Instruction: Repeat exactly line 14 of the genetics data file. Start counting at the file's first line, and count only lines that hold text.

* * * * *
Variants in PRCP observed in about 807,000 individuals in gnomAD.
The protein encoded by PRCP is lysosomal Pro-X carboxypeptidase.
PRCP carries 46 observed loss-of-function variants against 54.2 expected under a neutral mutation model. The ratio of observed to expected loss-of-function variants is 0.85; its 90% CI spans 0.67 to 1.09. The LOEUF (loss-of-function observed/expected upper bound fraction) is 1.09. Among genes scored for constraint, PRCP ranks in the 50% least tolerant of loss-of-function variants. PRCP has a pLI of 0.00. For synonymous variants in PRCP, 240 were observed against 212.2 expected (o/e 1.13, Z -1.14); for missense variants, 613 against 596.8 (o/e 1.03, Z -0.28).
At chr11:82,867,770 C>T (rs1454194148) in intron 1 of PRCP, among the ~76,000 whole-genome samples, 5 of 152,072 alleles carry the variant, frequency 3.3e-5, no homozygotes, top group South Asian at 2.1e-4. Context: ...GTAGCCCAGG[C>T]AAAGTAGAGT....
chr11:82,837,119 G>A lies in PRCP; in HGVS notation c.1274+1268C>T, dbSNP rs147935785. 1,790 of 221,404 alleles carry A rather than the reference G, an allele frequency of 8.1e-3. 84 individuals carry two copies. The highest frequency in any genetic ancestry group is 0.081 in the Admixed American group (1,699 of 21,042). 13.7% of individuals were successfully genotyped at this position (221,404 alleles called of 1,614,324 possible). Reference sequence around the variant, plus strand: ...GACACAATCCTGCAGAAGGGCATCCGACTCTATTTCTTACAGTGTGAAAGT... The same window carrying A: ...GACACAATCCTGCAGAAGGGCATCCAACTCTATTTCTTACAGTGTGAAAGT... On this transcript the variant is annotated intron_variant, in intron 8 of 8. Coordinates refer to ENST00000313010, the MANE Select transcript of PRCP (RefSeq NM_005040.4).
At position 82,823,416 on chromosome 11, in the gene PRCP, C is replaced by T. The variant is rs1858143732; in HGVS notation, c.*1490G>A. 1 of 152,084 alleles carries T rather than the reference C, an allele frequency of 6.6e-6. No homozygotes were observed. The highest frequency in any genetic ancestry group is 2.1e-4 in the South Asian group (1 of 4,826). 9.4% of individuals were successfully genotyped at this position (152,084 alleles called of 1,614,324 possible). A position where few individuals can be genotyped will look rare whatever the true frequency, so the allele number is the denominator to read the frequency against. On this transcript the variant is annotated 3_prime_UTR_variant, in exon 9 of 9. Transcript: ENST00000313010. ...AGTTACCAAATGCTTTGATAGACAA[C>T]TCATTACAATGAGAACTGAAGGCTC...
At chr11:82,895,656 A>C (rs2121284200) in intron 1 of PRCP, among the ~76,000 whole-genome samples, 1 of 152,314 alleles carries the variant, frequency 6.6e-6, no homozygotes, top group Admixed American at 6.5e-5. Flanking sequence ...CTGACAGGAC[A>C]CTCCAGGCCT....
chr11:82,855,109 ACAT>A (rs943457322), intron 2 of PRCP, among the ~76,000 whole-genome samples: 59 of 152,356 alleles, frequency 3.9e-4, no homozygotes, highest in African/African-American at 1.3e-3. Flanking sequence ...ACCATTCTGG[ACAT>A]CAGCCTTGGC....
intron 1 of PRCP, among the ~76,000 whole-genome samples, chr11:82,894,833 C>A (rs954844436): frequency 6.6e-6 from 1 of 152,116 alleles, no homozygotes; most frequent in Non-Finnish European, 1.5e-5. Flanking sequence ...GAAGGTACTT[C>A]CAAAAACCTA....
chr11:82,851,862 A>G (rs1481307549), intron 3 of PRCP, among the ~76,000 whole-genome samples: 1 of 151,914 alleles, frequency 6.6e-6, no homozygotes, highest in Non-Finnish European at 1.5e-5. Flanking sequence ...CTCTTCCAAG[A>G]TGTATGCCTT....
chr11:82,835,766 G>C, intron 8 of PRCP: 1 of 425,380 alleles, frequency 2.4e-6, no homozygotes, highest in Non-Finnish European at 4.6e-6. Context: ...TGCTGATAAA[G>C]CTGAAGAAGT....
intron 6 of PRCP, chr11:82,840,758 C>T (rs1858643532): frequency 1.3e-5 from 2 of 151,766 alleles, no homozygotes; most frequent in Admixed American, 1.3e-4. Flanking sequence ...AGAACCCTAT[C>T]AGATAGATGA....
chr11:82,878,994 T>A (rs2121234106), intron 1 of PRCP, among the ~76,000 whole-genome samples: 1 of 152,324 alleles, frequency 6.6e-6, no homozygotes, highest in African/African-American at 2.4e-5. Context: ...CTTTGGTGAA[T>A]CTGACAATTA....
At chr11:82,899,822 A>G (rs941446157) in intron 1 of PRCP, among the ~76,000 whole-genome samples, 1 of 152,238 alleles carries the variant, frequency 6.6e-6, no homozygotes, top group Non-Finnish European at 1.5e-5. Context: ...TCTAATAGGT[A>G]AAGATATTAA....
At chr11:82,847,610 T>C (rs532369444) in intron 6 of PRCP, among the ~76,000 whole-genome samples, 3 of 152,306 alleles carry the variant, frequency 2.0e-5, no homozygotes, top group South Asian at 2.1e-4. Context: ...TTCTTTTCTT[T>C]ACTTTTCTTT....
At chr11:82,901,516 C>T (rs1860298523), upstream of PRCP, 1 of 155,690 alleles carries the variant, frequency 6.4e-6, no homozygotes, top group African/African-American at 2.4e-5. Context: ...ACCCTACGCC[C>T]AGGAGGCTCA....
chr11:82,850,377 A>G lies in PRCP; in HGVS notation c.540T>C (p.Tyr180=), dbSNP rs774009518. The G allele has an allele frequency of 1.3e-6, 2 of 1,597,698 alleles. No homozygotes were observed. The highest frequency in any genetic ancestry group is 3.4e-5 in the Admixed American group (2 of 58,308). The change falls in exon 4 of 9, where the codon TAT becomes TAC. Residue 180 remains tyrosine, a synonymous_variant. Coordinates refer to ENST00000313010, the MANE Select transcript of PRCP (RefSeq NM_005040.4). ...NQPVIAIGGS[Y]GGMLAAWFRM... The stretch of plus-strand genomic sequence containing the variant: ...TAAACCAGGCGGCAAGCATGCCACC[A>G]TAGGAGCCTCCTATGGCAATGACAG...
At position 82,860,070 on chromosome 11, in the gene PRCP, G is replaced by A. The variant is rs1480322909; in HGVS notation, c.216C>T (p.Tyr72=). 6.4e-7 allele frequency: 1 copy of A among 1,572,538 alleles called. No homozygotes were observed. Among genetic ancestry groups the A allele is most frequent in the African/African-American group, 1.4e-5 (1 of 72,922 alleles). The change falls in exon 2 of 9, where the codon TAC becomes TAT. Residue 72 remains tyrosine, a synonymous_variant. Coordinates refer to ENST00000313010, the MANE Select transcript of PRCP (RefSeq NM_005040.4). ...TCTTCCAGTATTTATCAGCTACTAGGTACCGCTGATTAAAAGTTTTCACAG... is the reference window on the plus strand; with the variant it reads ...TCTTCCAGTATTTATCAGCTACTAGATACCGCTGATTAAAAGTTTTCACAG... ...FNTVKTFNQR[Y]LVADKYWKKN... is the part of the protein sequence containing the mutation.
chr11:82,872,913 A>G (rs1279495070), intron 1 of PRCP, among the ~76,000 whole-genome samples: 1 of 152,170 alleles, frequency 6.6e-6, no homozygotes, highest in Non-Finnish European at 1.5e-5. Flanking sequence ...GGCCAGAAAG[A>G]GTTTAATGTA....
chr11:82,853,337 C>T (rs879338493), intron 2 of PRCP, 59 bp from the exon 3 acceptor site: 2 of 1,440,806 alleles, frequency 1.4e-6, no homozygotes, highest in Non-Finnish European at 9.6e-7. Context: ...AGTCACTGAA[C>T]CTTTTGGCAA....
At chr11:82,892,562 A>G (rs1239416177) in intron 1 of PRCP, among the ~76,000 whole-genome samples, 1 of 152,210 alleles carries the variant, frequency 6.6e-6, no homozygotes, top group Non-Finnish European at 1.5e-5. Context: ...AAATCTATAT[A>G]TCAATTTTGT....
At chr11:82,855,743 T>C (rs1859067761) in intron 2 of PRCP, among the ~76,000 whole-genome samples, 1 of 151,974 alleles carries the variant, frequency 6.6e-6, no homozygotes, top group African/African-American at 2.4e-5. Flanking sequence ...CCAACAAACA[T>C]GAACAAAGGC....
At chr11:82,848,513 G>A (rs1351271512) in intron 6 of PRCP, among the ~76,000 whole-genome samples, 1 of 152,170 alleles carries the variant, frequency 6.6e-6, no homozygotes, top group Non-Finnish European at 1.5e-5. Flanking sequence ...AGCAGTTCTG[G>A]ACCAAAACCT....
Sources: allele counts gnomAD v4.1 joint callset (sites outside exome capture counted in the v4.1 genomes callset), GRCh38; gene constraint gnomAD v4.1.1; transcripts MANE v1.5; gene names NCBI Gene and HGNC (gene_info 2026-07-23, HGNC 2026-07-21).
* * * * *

At chr11:82,899,822 A>G (rs941446157) in intron 1 of PRCP, among the ~76,000 whole-genome samples, 1 of 152,238 alleles carries the variant, frequency 6.6e-6, no homozygotes, top group Non-Finnish European at 1.5e-5. Context: ...TCTAATAGGT[A>G]AAGATATTAA....